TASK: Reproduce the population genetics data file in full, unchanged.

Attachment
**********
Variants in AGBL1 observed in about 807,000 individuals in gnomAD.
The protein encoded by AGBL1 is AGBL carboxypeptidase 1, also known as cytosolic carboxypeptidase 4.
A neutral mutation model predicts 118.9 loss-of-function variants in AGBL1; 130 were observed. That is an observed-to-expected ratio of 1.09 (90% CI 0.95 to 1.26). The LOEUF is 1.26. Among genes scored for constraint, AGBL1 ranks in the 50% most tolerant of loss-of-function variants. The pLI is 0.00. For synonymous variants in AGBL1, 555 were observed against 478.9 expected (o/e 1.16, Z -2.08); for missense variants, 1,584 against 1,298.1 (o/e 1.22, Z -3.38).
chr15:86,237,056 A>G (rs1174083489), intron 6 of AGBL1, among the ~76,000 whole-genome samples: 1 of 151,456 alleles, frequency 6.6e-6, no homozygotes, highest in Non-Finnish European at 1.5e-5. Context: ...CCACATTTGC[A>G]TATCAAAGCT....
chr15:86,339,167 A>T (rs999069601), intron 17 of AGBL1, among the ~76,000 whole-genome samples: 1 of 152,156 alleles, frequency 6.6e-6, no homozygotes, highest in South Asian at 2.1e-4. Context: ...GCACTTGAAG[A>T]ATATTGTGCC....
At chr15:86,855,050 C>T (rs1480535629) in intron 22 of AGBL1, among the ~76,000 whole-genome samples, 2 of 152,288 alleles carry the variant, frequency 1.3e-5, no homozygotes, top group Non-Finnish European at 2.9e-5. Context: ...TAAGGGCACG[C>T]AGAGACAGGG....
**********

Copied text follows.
Variants in AGBL1 observed in about 807,000 individuals in gnomAD.
The protein encoded by AGBL1 is AGBL carboxypeptidase 1, also known as cytosolic carboxypeptidase 4.
A neutral mutation model predicts 118.9 loss-of-function variants in AGBL1; 130 were observed. That is an observed-to-expected ratio of 1.09 (90% CI 0.95 to 1.26). The LOEUF is 1.26. Among genes scored for constraint, AGBL1 ranks in the 50% most tolerant of loss-of-function variants. The pLI is 0.00. For synonymous variants in AGBL1, 555 were observed against 478.9 expected (o/e 1.16, Z -2.08); for missense variants, 1,584 against 1,298.1 (o/e 1.22, Z -3.38).
chr15:86,237,056 A>G (rs1174083489), intron 6 of AGBL1, among the ~76,000 whole-genome samples: 1 of 151,456 alleles, frequency 6.6e-6, no homozygotes, highest in Non-Finnish European at 1.5e-5. Context: ...CCACATTTGC[A>G]TATCAAAGCT....
chr15:86,339,167 A>T (rs999069601), intron 17 of AGBL1, among the ~76,000 whole-genome samples: 1 of 152,156 alleles, frequency 6.6e-6, no homozygotes, highest in South Asian at 2.1e-4. Context: ...GCACTTGAAG[A>T]ATATTGTGCC....
At chr15:86,855,050 C>T (rs1480535629) in intron 22 of AGBL1, among the ~76,000 whole-genome samples, 2 of 152,288 alleles carry the variant, frequency 1.3e-5, no homozygotes, top group Non-Finnish European at 2.9e-5. Context: ...TAAGGGCACG[C>T]AGAGACAGGG....